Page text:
Return of the Classics
The original Star Wars trilogy is still one of the most iconic film trilogies in history. Millions of people worldwide know and love the movies, and Disney has brought the central characters and moments to the world of Disney Infinity, ready to be discovered and rediscovered by players young and old.
The Rise Against the Empire set consists of Luke and Leia figures, alongside the Death Star shaped playset token. Han Solo, Chewbacca, Boba Fett and Darth Vader are all available as separate figures, rounding out the classic line up. As always, these figures are quite stunningly designed in the stylised Disney Infinity style. It’s pretty cool to see fewer lightsabers and more star wars guns on these figures – the bowcaster, Han’s DL-44 and Boba’s EE-3 carbine all look great, as does Leia, with her figure brandishing her own pistol in quite a badass manner.Once you’ve unpacked the figures and got them ready on the Infinity base the real game begins. The pack is a standalone adventure, playable with the core characters and all other Star Wars figures once you’ve collected their tokens in game. The core four are showcased in every step of the adventure – while it was a little jarring at first to see Leia alongside a lightsaber wielding Luke, Han and Chewie from the get go, but it quickly made sense from an accessibility standpoint and was quite a cool take on the narrative.
The story itself is a very basic run through of A New Hope, Empire Strikes back and Return of the Jedi. Think of the big setpieces from those films – the trench run, the battle of Hoth and the final assault on the second death star – these make up the big story moments throughout the game’s six to eight hour runtime. These setpieces are fun and quite spectacular, even with the game’s toy based aesthetic. You even get a few different ways to approach battles and iconic moments; on Hoth when facing off against advancing AT-AT’s you can hop in a Snowspeeder to trip them with the tow cable, or you can scale the leg of the walker, destroying the batteries hidden inside in a very Infinity twist.Dotted between these setpieces are a wealth of side missions & activities in the three hub worlds – Tatooine, Hoth and Endor. Not only are these worlds a lot more interesting than the hubs found in the previous playset, Twilight of the Republic, the missions feel like they have a lot more personality. Highlights range from scouring Tatooine to re-assemble the members of the Cantina band to disguising ewoks in stormtrooper helmets, catapulting them into the Imperial base as spies. The game as a whole has a very tongue in cheek tone to it – it’s quite funny and I really enjoyed moving through the saga in a new way.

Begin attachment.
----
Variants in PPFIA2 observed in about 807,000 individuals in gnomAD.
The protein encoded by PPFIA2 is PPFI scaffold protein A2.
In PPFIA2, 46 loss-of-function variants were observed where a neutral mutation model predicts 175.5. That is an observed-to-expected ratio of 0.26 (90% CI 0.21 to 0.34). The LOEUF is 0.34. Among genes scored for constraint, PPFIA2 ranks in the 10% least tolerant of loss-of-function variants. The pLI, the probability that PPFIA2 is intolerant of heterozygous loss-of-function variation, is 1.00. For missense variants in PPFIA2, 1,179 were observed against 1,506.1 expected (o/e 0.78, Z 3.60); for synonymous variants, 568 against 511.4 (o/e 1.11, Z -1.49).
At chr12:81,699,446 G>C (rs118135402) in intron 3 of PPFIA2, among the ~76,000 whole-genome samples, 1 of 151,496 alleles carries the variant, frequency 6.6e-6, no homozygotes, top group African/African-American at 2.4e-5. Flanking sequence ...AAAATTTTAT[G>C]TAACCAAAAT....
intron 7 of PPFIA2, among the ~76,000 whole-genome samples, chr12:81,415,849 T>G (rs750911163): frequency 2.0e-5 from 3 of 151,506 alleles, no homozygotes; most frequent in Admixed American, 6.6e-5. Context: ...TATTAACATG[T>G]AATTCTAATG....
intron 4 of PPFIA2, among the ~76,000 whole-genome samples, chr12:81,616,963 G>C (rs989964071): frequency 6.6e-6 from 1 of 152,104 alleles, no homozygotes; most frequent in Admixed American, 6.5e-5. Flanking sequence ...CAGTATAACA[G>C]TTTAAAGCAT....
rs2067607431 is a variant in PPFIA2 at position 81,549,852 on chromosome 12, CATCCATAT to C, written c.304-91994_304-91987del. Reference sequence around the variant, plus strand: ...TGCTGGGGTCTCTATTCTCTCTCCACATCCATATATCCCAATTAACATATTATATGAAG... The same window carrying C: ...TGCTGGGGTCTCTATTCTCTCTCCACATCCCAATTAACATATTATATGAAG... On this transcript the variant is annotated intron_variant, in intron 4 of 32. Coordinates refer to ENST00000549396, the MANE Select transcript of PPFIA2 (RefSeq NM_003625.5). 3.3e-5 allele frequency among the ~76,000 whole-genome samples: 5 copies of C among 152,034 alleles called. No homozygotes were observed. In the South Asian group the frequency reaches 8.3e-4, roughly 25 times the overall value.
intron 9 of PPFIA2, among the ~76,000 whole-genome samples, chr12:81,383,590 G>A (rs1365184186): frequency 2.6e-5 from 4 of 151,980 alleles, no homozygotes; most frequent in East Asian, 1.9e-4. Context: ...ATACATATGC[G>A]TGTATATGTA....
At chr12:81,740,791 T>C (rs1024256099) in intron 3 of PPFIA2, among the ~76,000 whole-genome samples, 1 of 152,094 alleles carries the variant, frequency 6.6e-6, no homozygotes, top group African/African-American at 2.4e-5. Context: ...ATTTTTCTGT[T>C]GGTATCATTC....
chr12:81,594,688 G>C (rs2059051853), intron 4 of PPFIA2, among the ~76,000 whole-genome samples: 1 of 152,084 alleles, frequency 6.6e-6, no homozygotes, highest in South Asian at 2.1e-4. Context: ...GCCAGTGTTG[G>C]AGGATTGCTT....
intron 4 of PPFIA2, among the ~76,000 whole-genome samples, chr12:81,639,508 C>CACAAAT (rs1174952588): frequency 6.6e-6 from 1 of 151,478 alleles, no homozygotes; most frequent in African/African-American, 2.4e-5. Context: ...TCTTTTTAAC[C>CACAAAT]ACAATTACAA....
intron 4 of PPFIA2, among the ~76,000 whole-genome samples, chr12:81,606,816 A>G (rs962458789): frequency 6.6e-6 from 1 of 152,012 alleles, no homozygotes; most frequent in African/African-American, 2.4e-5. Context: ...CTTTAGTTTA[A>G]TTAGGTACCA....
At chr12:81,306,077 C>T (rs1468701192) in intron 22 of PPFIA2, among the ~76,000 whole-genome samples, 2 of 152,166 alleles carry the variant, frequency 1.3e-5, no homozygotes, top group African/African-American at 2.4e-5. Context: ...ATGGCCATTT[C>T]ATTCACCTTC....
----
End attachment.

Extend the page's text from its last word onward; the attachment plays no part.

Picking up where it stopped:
A new addition to this playset is base building – you can buy a range of structures from a K-3PO unit on each hub, placing them in the world to spawn vehicles and enemies or allow you to change the inhabitants and droids of the world. This was a nice addition but it really wasn’t explored as deeply as I’d like, once you’ve placed buildings down to fulfil one of the side mission requirements there isn’t a lot of need to re-engage with them, and it could have been a much cooler aspect of the title to increase it’s longevity.The core gameplay itself is identical to previous Disney Infinity 3.0 playsets, thankfully retaining the great lightsaber combat from the Twilight of the Republic set. This second playset is a lot more blaster heavy, tweaking that side of things up nicely after the heavy lightsaber focus initially.
Similarly, the flying mechanics are quite good, even in the on rails style sections. Occasionally I had a few issues with responsiveness and the speed in which I could move out of the way of obstacles, making getting that three star rating troublesome, but it didn’t impact too much on the whole experience.
Rise Against the Empire is a great addition to the Disney Infinity 3.0 line up, a nice improvement upon the previous playset boding very well for the upcoming The Force Awakens playset. Despite a few minor issues with controls and some missed opportunities to expand things like base building, it’s great to see Star Wars handled in a respectful, authentic and engaging new way. Older fans are sure to find a lot to like here, as are young ones making their first foray into the force.
Developers: Avalanche Software, Ninja Theory, Sumo Digital, United Front Games, Studio Gobo
Publisher: Disney Interactive Studios, Lucasarts
Platform: PlayStation 4 (reviewed), Xbox One, Wii U, PlaysStation 3 & Xbox 360